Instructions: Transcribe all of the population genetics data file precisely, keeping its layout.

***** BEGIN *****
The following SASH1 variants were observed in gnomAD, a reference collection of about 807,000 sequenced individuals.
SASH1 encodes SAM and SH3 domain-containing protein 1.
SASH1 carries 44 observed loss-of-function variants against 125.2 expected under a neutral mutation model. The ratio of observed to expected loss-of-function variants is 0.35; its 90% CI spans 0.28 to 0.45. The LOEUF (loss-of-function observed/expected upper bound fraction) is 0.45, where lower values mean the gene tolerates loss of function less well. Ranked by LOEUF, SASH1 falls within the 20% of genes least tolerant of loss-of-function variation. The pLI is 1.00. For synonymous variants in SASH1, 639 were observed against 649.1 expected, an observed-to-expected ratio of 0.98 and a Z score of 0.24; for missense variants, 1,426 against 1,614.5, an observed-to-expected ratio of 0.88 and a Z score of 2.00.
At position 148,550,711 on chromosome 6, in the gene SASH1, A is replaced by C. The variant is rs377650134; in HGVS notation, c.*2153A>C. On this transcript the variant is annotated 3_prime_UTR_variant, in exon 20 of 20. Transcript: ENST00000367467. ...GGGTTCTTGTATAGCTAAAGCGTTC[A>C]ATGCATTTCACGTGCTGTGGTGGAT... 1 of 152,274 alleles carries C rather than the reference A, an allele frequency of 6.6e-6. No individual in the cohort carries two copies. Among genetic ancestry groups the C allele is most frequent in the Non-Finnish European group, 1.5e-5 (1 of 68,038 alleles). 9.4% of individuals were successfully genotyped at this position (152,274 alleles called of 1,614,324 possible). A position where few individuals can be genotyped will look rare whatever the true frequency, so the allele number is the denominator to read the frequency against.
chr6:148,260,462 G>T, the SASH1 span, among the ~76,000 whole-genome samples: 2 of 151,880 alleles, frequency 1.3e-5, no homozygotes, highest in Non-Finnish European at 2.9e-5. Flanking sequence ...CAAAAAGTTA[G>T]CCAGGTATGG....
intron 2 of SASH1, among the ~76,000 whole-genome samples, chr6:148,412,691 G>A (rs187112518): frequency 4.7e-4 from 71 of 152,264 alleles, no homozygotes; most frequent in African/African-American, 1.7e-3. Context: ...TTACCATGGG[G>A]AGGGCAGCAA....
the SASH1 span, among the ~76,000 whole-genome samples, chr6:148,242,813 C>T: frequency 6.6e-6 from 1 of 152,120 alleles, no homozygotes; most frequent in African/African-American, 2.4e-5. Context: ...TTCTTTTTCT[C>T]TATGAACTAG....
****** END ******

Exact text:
The following SASH1 variants were observed in gnomAD, a reference collection of about 807,000 sequenced individuals.
SASH1 encodes SAM and SH3 domain-containing protein 1.
SASH1 carries 44 observed loss-of-function variants against 125.2 expected under a neutral mutation model. The ratio of observed to expected loss-of-function variants is 0.35; its 90% CI spans 0.28 to 0.45. The LOEUF (loss-of-function observed/expected upper bound fraction) is 0.45, where lower values mean the gene tolerates loss of function less well. Ranked by LOEUF, SASH1 falls within the 20% of genes least tolerant of loss-of-function variation. The pLI is 1.00. For synonymous variants in SASH1, 639 were observed against 649.1 expected, an observed-to-expected ratio of 0.98 and a Z score of 0.24; for missense variants, 1,426 against 1,614.5, an observed-to-expected ratio of 0.88 and a Z score of 2.00.
At position 148,550,711 on chromosome 6, in the gene SASH1, A is replaced by C. The variant is rs377650134; in HGVS notation, c.*2153A>C. On this transcript the variant is annotated 3_prime_UTR_variant, in exon 20 of 20. Transcript: ENST00000367467. ...GGGTTCTTGTATAGCTAAAGCGTTC[A>C]ATGCATTTCACGTGCTGTGGTGGAT... 1 of 152,274 alleles carries C rather than the reference A, an allele frequency of 6.6e-6. No individual in the cohort carries two copies. Among genetic ancestry groups the C allele is most frequent in the Non-Finnish European group, 1.5e-5 (1 of 68,038 alleles). 9.4% of individuals were successfully genotyped at this position (152,274 alleles called of 1,614,324 possible). A position where few individuals can be genotyped will look rare whatever the true frequency, so the allele number is the denominator to read the frequency against.
chr6:148,260,462 G>T, the SASH1 span, among the ~76,000 whole-genome samples: 2 of 151,880 alleles, frequency 1.3e-5, no homozygotes, highest in Non-Finnish European at 2.9e-5. Flanking sequence ...CAAAAAGTTA[G>T]CCAGGTATGG....
intron 2 of SASH1, among the ~76,000 whole-genome samples, chr6:148,412,691 G>A (rs187112518): frequency 4.7e-4 from 71 of 152,264 alleles, no homozygotes; most frequent in African/African-American, 1.7e-3. Context: ...TTACCATGGG[G>A]AGGGCAGCAA....
the SASH1 span, among the ~76,000 whole-genome samples, chr6:148,242,813 C>T: frequency 6.6e-6 from 1 of 152,120 alleles, no homozygotes; most frequent in African/African-American, 2.4e-5. Context: ...TTCTTTTTCT[C>T]TATGAACTAG....